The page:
Being a science nerd, I was probably most intrigued by the biology of death – why we die, how we die, what happens to our body as we’re dying – but I also found the whole question of the definition of death fascinating. I thought it would be the easiest question to answer and it turned out to be the most complex. After all, in trying to define death and pinpoint exactly when we’re dead, what we’re really asking is â€˜what is life, and how do we know when it’s gone?’.
What do you think happens to you after you die?
You’d think after writing a book about death that I’d have the answer but in reality, no one can answer that question. It’s up to each individual and their beliefs to work out what they think will happen. But we can never know until it’s our time, and then we can’t exactly come back and tell people.
Do you believe in the white light at the end of a tunnel?
I absolutely believe that near-death experiences are real for the person experiencing them – the tunnel, the white light, the beautiful landscape – but I don’t know if they are biological or spiritual. They don’t happen to everybody, but I would be pretty glad if that’s the experience I have when I die.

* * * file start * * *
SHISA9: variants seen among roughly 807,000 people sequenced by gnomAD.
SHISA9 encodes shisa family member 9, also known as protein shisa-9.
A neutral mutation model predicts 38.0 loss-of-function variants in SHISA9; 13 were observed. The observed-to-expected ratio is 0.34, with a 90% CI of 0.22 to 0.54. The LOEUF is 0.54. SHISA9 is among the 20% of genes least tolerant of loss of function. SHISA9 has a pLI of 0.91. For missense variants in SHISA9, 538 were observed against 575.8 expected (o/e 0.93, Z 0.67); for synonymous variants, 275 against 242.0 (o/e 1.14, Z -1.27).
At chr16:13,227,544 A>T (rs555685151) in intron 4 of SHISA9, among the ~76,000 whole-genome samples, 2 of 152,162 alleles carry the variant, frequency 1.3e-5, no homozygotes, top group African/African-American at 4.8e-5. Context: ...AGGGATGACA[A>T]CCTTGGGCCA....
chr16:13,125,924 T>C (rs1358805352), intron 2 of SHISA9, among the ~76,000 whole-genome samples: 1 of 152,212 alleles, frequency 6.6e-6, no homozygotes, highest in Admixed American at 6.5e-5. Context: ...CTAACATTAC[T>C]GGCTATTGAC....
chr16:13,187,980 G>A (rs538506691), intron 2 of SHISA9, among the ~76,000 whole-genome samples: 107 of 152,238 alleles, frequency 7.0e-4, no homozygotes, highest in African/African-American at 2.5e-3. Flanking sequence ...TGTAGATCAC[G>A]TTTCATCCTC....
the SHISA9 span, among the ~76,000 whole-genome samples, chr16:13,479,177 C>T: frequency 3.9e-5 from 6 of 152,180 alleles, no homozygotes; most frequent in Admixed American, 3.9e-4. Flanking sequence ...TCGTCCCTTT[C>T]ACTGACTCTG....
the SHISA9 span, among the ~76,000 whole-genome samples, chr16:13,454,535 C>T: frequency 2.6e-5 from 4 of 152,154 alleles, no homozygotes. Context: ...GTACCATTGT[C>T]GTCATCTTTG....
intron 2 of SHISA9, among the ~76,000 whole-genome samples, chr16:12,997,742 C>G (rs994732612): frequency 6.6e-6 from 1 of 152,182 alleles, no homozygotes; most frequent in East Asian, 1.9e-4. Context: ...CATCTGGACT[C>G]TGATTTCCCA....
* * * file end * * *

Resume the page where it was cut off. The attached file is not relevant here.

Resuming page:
Do you think people should always die or would you condone a pill that could make you live forever?
The American intellectual Leon Kass said it best in 1983 when he wrote that “Mortality makes life matter”. We flirt with the idea of immortality, and go on about how life’s too short, but really, I think a life well and fully lived is just about the right amount of time for me.
Quite a few science fiction writers have explored what might happen if we were really able to cheat death but most of those scenarios end up looking pretty dystopic. Death is built into our biological blueprint for a good reason; the death of one generation enables, encourages and nurtures subsequent generations.
To quote Leon Kass again, â€˜If they areÂ truly to flower, we must go to seed; we must wither and give ground.’Â Personally, I’d be happy if I and my husband lived to see our children grow up, have kids of their own, and maybe even see grandkids grow to adulthood. Then I think I’ll be ready for a rest.
Are you religious, do you believe in a God?
I describe myself as loosely agnostic. I have a personal sense that there is some kind of a spiritual plane of existence, and I have a hopeful sense that we are reunited with loved ones when we die. But I’m not religious.